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Mental Healthcare: Issues & solutions

  • IASbaba
  • June 22, 2020
  • 0
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HEALTH/ GOVERNANCE/ SOCIETY

Topic: General Studies 2:

  • Government policies and interventions for development in Health sectors and issues arising out of their design and implementation.

Mental Healthcare: Issues & solutions

Context: The suicide of the actor Sushant Singh Rajput has brought to the fore the significance of the mental health in contemporary times.

Did You Know?

  • Section 309 of the Indian Penal Code had criminalized attempted suicide but this was removed through Mental health care Act 2017
  • The Sustainable Development Goals target 3.4 and 3.5 talks about reducing mental illness within the population.

Issues related to Mental Health care in India

  • Neglected Area: Mental health which forms the core of our personhood is often neglected which impeded the development of an individual to full potential.
  • Stigmatised: Mental health illness is often considered as Taboo that leads to reluctance on part of family members to seek diagnosis & treatment for the patient
  • Burden of Demography: According to WHO, the burden of mental disorders is maximal in young adults. India being a young country (nearly 50% of its population below the age of 25) will face increased burden of mental illness in short term
  • Major contributor to the burden of illness: An estimated 150 million people across India are in need of mental health care interventions, according to India’s latest National Mental Health Survey 2015-16.
  • Disproportionate impact: It is the poor, dispossessed and marginalised who bear the greatest burden of mental health problems, but historically their sufferings are dismissed as a natural extension of their social and economic conditions
  • Post-Treatment gap: There is need for proper rehabilitation of the mentally ill persons post his/her treatment which is currently not present.
  • Lack of Specialists: Low proportion of mental health workforce in India (per 100,000 population) include psychiatrists (0.3), nurses (0.12), psychologists (0.07) and social workers (0.07).
  • Dangers of increase in post-COVID order: Mental health problems, tend to increase during economic distress leading to reduction in life-expectancy. This has been described by Nobel prize winning economist, Angus Deaton, as “Deaths of Despair”
  • Prone to abuse: Mentally ill patients are vulnerable to and usually suffer from drug abuse, wrongful confinement, even at homes and mental healthcare facilities which is a cause of concern and a gross human right violation.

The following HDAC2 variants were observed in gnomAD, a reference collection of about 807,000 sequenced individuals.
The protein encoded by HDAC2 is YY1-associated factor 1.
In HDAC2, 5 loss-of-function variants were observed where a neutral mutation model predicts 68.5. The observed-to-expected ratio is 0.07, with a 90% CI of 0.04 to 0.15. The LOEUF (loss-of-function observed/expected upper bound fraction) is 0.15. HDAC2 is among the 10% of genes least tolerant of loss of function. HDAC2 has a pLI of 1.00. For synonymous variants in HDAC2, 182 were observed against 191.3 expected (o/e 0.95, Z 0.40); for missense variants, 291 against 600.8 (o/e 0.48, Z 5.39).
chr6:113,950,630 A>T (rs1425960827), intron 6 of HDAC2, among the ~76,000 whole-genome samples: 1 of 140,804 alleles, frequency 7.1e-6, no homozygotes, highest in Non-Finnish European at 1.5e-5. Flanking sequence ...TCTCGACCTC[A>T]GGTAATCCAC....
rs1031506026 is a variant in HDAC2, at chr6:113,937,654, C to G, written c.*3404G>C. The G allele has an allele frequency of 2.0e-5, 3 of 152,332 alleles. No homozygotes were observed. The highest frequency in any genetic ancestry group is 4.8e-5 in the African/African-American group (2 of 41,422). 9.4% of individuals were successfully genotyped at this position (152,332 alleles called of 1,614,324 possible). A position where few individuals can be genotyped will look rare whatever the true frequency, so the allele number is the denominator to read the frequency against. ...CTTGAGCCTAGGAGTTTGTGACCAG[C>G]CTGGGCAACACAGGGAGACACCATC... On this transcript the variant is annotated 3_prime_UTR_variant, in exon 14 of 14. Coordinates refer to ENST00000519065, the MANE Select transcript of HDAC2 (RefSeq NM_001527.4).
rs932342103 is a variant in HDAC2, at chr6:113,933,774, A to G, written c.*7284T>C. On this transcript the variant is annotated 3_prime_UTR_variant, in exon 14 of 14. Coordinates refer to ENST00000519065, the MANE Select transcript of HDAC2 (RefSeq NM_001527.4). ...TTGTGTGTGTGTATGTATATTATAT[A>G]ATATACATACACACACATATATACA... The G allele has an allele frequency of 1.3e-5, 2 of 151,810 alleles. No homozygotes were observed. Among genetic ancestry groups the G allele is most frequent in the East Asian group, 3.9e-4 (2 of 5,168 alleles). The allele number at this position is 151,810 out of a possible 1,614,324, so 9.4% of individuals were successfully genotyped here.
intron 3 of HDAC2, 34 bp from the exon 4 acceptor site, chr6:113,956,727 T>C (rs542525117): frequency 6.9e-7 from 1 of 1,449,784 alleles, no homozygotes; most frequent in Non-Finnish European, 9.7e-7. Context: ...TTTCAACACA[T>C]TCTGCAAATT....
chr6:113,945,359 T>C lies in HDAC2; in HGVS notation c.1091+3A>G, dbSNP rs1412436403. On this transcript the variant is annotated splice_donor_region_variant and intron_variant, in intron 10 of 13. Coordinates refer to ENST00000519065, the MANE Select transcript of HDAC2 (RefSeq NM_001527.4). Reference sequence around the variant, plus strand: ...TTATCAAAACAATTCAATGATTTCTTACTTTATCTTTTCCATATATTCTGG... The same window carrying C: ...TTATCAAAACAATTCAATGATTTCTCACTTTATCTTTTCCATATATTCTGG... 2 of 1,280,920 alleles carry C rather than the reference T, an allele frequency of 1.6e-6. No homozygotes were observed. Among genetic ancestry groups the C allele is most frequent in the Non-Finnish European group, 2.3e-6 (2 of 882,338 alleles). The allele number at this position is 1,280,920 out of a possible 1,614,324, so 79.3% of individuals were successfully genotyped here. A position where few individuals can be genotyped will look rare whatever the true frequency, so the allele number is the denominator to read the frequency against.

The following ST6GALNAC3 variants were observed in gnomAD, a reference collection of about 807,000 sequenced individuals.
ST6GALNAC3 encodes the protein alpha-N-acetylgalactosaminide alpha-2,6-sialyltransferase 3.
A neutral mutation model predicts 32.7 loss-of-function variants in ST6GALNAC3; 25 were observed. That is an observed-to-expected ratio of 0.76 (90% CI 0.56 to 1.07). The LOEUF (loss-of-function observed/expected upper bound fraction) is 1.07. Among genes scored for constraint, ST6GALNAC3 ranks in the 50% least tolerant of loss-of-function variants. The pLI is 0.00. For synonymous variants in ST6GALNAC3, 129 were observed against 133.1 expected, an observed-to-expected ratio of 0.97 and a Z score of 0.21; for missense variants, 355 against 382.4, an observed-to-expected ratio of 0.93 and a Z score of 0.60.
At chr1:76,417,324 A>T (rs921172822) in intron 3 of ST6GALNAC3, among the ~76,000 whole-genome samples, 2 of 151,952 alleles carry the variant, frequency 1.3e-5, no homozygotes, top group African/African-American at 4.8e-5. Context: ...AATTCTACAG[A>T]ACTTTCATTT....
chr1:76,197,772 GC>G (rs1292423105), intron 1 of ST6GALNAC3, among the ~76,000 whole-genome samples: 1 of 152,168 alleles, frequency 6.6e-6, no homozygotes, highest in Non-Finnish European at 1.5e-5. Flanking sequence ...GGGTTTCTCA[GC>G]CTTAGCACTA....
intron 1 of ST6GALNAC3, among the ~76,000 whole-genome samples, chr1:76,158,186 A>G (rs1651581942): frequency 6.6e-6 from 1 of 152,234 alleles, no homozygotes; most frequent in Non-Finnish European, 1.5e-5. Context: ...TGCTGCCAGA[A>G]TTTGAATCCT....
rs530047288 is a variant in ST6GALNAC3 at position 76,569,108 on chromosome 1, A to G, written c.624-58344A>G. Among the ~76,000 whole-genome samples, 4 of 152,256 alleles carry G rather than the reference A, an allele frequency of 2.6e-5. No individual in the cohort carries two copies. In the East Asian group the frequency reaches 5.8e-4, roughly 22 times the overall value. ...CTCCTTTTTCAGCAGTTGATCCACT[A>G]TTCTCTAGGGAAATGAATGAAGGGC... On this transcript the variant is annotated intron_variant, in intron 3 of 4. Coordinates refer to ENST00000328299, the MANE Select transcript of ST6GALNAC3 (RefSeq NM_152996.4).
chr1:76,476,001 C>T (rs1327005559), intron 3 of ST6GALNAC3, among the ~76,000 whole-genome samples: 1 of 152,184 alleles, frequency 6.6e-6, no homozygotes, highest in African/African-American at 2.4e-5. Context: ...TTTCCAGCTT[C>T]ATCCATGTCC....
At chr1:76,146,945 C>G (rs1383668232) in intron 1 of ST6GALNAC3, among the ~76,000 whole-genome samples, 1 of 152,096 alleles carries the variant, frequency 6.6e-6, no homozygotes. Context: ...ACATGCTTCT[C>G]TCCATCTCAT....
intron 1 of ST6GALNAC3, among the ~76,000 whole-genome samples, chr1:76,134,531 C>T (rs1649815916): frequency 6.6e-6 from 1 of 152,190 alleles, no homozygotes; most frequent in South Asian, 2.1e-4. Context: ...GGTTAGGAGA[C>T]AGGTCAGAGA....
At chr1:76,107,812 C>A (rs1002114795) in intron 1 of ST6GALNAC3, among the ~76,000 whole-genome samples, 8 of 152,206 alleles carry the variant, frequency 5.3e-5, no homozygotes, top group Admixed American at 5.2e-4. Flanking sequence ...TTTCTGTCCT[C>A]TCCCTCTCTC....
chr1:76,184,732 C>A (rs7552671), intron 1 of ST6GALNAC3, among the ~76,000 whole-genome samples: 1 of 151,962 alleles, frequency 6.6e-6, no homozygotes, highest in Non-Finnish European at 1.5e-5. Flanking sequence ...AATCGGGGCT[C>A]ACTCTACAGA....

• Affordability issues: Due to inadequate number of mental health caretakers, such service if often concentrated in Urban areas and are also expensive
  • Needs Unique approach: There is no one-size-fits-all prescription for mental health issues as they are intimately intertwined with unique, personal life stories.

So, what’s the solution? 

  • Awareness: People should be made aware of significance of mental health, as much as that of physical health. 
  • Destigmatising the issue: Sharing one’s story about mental health (through media campaigns) is the most effective strategy to reduce stigma attached with mental illness
  • Community Approach: There is need to deploy community health workers who, with appropriate training and supervision, effectively deliver psychosocial interventions for the needy
  • Increase Funding: State governments need to scale up its psychosocial interventions through community health workers
  • Broadening the scope: Mental health care must embrace the diversity of experiences and strategies which work, well beyond the narrow confines of traditional biomedicine with its emphasis on “doctors, diagnoses and drugs”
  • Digital initiatives: To help improve rural India’s mental health through telemedicine, initiatives like Schizophrenia Research India’s (SCARF) mobile bus clinic is being run by an NGO. There is need for scaling up such initiatives through public-private collaboration to bridge the rural-urban divide
  • Measures that can be taken at individual level by people who are suffering from mental illness
    • Reminding oneself that all of humanity is goes through tough times
    • Doing something for others, for science has shown that care-giving and community service makes life more meaningful & rewarding
    • Discussing with friends & families about the issues being faced

Connecting the dots:

  • Mental health care Act 2017

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